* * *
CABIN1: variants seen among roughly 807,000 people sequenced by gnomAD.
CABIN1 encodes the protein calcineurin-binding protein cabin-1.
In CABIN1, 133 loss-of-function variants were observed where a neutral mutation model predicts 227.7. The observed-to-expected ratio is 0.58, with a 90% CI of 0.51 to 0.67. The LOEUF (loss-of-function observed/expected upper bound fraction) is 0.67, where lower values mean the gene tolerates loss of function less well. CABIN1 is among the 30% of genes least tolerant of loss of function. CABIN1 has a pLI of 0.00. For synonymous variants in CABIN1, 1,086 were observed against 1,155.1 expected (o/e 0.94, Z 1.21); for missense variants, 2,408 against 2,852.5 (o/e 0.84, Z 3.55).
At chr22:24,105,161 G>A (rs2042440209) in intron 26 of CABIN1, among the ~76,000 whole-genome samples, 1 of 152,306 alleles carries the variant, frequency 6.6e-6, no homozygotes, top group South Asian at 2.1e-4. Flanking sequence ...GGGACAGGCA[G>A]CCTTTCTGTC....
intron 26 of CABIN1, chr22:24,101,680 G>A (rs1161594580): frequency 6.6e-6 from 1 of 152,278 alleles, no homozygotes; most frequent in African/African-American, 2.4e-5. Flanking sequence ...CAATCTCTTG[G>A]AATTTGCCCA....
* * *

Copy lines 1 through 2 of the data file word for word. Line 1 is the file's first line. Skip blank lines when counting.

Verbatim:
CABIN1: variants seen among roughly 807,000 people sequenced by gnomAD.
CABIN1 encodes the protein calcineurin-binding protein cabin-1.